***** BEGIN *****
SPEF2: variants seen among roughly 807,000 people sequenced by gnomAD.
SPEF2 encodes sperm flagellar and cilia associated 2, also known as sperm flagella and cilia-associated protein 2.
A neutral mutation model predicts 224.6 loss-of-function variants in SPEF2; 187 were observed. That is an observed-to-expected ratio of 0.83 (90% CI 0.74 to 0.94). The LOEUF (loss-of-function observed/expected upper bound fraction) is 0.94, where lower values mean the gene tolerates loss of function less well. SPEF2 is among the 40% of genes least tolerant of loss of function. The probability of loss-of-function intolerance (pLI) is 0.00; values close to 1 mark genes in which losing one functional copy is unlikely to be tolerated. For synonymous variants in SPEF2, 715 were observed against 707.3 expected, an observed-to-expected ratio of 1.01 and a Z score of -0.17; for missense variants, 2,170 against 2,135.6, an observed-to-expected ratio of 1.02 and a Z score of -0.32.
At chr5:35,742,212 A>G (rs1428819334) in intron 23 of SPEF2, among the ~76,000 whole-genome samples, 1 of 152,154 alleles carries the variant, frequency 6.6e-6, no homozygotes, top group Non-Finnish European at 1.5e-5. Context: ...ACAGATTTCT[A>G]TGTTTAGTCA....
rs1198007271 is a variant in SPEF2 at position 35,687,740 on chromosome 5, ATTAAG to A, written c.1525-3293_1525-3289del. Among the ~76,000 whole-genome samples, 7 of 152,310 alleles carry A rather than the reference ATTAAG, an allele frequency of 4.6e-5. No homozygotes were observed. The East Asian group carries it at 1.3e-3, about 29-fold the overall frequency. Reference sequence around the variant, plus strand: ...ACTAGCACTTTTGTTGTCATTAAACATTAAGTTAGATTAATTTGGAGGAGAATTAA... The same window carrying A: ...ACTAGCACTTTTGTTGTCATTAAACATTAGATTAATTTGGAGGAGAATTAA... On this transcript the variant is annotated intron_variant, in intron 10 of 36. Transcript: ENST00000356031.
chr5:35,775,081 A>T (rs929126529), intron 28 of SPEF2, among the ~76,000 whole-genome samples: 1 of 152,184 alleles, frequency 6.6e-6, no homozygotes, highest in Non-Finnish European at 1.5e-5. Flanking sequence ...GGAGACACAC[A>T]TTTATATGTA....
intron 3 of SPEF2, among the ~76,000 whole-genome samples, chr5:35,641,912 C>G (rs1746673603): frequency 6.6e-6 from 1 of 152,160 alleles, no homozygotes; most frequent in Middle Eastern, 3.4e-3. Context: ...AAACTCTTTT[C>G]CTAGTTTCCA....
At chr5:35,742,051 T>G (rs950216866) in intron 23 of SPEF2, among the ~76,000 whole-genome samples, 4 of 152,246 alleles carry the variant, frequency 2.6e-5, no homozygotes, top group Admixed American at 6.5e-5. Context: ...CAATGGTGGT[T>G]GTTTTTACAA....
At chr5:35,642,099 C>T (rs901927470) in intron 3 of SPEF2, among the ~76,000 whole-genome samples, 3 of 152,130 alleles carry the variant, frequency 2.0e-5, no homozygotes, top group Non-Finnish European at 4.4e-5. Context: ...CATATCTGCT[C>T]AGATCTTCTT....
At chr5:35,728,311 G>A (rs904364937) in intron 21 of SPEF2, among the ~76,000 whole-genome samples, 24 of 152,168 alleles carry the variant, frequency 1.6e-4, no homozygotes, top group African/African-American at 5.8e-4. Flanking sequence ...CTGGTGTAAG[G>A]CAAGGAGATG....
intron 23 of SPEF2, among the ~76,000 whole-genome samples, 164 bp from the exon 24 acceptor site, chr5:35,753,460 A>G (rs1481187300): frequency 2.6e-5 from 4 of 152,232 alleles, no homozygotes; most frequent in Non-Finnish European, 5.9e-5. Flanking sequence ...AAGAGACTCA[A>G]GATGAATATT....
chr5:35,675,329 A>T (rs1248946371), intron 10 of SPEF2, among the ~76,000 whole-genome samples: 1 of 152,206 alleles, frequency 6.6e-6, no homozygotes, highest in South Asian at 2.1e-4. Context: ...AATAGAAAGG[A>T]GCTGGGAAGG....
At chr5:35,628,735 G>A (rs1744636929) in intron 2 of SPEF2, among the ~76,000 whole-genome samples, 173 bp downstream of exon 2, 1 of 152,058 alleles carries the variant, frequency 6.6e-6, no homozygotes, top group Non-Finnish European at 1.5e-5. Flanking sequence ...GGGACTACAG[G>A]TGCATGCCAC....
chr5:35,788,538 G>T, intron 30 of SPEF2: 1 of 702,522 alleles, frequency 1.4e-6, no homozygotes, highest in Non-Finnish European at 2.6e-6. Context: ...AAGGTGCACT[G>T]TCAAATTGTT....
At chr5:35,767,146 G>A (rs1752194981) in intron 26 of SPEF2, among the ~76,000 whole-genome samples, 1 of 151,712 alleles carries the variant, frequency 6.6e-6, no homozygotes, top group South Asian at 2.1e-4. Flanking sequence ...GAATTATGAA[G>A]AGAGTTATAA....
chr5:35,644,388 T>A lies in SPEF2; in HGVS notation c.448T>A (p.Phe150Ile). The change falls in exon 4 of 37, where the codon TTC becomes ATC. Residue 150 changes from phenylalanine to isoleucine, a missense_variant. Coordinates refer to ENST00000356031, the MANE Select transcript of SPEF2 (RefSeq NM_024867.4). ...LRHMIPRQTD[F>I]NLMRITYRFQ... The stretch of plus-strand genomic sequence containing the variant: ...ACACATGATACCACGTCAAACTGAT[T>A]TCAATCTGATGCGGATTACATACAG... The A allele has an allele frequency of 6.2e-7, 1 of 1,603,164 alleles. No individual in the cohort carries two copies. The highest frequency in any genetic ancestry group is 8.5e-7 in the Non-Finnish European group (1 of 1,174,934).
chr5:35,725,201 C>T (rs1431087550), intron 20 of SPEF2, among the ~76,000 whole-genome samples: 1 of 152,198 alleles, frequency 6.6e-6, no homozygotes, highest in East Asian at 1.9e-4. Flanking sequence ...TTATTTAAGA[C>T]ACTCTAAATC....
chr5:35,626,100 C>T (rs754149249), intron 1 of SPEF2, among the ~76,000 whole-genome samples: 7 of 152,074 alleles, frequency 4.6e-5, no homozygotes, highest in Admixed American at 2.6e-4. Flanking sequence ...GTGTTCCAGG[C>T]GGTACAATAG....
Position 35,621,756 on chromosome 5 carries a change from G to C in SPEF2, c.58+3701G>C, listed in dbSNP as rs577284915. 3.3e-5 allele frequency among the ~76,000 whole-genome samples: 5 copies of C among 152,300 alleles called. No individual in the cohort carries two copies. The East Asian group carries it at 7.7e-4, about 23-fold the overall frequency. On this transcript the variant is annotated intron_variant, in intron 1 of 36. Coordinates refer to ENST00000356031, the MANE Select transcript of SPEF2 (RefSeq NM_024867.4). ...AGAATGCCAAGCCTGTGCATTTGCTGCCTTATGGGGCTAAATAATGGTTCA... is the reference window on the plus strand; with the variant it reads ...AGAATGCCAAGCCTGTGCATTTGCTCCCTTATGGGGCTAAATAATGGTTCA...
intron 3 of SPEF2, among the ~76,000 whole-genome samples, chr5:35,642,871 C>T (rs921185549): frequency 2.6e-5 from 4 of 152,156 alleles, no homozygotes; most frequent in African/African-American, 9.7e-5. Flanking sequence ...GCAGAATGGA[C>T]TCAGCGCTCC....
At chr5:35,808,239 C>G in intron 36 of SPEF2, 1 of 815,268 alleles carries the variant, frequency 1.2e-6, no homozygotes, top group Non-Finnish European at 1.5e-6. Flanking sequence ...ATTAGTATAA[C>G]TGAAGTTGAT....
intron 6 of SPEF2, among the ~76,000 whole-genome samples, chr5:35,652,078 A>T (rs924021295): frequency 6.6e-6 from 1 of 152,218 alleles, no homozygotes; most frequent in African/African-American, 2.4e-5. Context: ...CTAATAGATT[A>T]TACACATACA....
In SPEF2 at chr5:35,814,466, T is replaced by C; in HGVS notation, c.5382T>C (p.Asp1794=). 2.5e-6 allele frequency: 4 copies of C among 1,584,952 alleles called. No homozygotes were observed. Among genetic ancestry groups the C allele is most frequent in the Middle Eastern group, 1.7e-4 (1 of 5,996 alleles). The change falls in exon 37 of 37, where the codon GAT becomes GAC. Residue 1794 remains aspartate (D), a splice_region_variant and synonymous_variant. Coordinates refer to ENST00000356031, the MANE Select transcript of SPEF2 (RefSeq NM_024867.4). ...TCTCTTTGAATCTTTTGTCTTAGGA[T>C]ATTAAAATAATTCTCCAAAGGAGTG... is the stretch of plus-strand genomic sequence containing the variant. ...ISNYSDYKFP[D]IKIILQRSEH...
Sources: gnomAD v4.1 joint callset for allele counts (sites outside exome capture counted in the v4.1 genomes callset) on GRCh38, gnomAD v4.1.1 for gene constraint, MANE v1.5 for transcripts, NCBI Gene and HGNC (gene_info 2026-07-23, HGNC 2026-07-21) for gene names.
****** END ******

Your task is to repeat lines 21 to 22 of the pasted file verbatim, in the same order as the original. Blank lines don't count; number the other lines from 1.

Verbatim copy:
At chr5:35,808,239 C>G in intron 36 of SPEF2, 1 of 815,268 alleles carries the variant, frequency 1.2e-6, no homozygotes, top group Non-Finnish European at 1.5e-6. Flanking sequence ...ATTAGTATAA[C>G]TGAAGTTGAT....
intron 6 of SPEF2, among the ~76,000 whole-genome samples, chr5:35,652,078 A>T (rs924021295): frequency 6.6e-6 from 1 of 152,218 alleles, no homozygotes; most frequent in African/African-American, 2.4e-5. Context: ...CTAATAGATT[A>T]TACACATACA....